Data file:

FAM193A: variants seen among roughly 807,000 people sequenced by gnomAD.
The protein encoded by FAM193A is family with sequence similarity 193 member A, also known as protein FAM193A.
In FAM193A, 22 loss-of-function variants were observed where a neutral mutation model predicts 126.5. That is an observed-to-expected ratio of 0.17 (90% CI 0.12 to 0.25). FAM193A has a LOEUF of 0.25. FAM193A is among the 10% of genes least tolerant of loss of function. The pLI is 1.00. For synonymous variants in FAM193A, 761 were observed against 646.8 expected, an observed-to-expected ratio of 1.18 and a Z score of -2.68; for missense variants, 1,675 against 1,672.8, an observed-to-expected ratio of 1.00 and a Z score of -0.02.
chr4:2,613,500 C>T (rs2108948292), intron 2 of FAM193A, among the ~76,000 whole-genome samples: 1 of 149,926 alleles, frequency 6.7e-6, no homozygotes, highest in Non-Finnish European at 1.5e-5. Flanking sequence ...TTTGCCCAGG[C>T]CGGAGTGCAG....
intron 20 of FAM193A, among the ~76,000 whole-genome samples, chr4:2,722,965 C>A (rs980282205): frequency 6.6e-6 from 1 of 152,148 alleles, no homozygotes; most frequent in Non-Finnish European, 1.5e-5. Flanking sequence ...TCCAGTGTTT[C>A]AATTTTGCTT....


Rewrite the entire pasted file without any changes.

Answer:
FAM193A: variants seen among roughly 807,000 people sequenced by gnomAD.
The protein encoded by FAM193A is family with sequence similarity 193 member A, also known as protein FAM193A.
In FAM193A, 22 loss-of-function variants were observed where a neutral mutation model predicts 126.5. That is an observed-to-expected ratio of 0.17 (90% CI 0.12 to 0.25). FAM193A has a LOEUF of 0.25. FAM193A is among the 10% of genes least tolerant of loss of function. The pLI is 1.00. For synonymous variants in FAM193A, 761 were observed against 646.8 expected, an observed-to-expected ratio of 1.18 and a Z score of -2.68; for missense variants, 1,675 against 1,672.8, an observed-to-expected ratio of 1.00 and a Z score of -0.02.
chr4:2,613,500 C>T (rs2108948292), intron 2 of FAM193A, among the ~76,000 whole-genome samples: 1 of 149,926 alleles, frequency 6.7e-6, no homozygotes, highest in Non-Finnish European at 1.5e-5. Flanking sequence ...TTTGCCCAGG[C>T]CGGAGTGCAG....
intron 20 of FAM193A, among the ~76,000 whole-genome samples, chr4:2,722,965 C>A (rs980282205): frequency 6.6e-6 from 1 of 152,148 alleles, no homozygotes; most frequent in Non-Finnish European, 1.5e-5. Flanking sequence ...TCCAGTGTTT[C>A]AATTTTGCTT....